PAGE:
The 130th Annual Meeting of APHA

5181.0: Wednesday, November 13, 2002 - 3:00 PM

Abstract #40338

Is there a rift developing between HIV-seropositive and HIV-seronegative men in the gay community?

Richard J. Wolitski, PhD1, Achintya Dey1, Jeffrey T. Parsons, PhD2, and Cynthia A. Gomez, PhD3. (1) BIRB, DHAP, NCHSTP, Centers for Disease Control and Prevention, 1600 Clifton Road (E-37), Atlanta, GA 30333, 404 639-1939,, (2) Psychology Department, Hunter College of the City University of New York, 695 Park Avenue, New York, NY 10021, (3) Center for AIDS Prevention Studies, University of California - San Francisco, 74 New Montgomery Street, Suite 400, San Francisco, CA 94105

Most studies of discrimination toward persons living with HIV have focused on the general community and have not examined attitudes within the gay community. We report on the beliefs of 206 HIV-seropositive men who have sex with men (MSM) about their treatment by HIV-seronegative MSM. Participants were recruited in 1998 from community settings in New York City and San Francisco. More than half (61%) were men of color; they ranged in age from 21 to 62 years (M=37.5 , SD=7.7). All participants completed a self-administered questionnaire that measured physical and mental health, sexual and drug-use practices, and psychological constructs. Six items (alpha=. 79) measured on a 5-point scale (1=Strongly Disagree to 5=Strongly Agree) assessed participants’ perceptions about their treatment by HIV-seronegative MSM (e.g., “HIV negative men judge you if they find out that you are positive.”). High levels of agreement with individual items (36% to 64%) and the overall scale score (M=3.4, SD=0.7) indicate that a substantial proportion of HIV-seropositive MSM perceive a split in the gay community that is defined by serostatus. Beliefs regarding this rift were modestly correlated with depression (r=.23, p < .001), anxiety (r=.15, p < .05), and loneliness (r=.16, p < .05) but were not significantly associated with HIV transmission risk. These findings indicate that there is a need to better understand relationships between HIV-seropositive and seronegative men in the gay community and to buffer the negative effects of stigma on the mental health of persons living with HIV.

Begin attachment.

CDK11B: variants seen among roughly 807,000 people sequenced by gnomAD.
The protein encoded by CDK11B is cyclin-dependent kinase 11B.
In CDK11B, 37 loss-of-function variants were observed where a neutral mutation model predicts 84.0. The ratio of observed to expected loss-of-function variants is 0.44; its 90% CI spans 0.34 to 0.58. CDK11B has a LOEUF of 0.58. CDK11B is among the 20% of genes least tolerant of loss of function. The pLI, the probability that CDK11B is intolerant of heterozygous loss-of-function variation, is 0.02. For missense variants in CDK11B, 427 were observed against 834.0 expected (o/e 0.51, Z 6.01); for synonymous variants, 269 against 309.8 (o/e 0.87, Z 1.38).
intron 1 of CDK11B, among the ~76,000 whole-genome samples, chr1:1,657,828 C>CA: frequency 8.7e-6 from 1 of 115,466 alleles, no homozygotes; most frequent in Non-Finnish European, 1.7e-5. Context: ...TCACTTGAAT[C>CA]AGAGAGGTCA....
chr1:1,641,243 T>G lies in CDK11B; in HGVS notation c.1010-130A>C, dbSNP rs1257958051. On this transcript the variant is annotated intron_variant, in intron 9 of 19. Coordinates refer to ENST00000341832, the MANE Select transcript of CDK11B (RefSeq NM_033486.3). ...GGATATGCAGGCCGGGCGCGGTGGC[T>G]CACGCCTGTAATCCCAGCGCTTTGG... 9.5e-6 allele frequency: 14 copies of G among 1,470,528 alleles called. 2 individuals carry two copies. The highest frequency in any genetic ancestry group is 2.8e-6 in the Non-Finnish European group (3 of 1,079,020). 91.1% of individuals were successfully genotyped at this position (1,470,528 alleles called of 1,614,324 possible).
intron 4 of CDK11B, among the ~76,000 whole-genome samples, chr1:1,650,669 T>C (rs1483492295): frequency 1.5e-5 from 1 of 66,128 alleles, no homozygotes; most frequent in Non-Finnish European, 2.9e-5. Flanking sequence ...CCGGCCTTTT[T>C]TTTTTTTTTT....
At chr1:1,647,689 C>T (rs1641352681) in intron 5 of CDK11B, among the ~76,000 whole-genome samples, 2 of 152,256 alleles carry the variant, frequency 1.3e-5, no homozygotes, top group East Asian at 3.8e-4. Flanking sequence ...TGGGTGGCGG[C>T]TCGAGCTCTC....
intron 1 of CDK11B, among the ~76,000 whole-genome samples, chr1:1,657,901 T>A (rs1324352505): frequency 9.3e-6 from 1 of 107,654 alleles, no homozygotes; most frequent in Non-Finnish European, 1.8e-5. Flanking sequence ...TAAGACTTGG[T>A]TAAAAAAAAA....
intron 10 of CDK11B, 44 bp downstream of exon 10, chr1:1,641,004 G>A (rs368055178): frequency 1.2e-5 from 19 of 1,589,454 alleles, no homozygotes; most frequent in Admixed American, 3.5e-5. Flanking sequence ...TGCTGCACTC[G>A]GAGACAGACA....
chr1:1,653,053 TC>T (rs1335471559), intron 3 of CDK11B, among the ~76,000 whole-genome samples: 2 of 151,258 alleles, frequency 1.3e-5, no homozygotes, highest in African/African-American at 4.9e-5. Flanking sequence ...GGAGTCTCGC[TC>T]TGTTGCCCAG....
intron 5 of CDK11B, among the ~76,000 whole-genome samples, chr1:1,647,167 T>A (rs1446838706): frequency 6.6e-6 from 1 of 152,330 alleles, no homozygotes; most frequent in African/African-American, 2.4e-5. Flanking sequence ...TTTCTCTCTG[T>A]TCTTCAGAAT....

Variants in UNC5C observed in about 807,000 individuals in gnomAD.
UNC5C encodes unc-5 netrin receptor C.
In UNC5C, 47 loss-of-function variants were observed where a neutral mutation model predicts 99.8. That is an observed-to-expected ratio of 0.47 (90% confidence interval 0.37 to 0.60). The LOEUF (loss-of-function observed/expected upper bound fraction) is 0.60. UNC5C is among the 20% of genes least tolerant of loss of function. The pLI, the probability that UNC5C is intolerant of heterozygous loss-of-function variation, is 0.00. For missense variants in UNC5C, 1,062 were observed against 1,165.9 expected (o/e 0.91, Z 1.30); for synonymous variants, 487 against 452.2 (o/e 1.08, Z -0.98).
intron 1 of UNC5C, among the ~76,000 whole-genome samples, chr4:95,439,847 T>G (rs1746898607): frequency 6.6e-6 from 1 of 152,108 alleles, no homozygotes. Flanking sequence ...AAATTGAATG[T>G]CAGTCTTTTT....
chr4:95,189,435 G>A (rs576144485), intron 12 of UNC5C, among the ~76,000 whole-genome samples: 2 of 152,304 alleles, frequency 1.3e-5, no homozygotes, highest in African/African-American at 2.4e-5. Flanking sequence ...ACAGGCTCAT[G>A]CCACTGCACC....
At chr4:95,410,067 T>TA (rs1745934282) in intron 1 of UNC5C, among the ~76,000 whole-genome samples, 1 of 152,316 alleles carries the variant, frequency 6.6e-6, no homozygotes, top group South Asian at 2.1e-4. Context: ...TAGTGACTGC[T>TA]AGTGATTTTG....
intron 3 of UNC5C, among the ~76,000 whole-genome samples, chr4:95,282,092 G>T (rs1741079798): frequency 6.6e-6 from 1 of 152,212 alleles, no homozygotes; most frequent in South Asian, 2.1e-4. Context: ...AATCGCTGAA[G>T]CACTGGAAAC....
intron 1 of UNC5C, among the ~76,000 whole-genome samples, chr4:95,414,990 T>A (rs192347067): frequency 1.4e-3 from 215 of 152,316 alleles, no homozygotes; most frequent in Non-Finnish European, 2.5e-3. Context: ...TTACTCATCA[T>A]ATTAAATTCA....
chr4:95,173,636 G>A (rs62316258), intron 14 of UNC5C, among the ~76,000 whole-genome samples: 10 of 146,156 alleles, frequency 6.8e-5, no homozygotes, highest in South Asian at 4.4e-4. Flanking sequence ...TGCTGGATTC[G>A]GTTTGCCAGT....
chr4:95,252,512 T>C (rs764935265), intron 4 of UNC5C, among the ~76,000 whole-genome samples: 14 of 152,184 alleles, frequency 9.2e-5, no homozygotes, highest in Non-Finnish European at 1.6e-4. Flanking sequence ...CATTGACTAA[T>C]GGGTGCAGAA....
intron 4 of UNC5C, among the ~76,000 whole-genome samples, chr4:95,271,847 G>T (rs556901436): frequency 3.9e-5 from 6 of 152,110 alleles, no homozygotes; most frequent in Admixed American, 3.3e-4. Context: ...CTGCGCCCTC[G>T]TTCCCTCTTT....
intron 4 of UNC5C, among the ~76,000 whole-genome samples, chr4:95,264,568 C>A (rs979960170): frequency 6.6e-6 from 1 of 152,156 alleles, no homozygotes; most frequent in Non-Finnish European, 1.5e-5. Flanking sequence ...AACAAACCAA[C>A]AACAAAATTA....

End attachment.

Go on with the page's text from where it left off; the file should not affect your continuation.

Learning Objectives:

Keywords: HIV/AIDS, Mental Health

Presenting author's disclosure statement:
I do not have any significant financial interest/arrangement or affiliation with any organization/institution whose products or services are being discussed in this session.

Gay and Bisexual Men's Health

The 130th Annual Meeting of APHA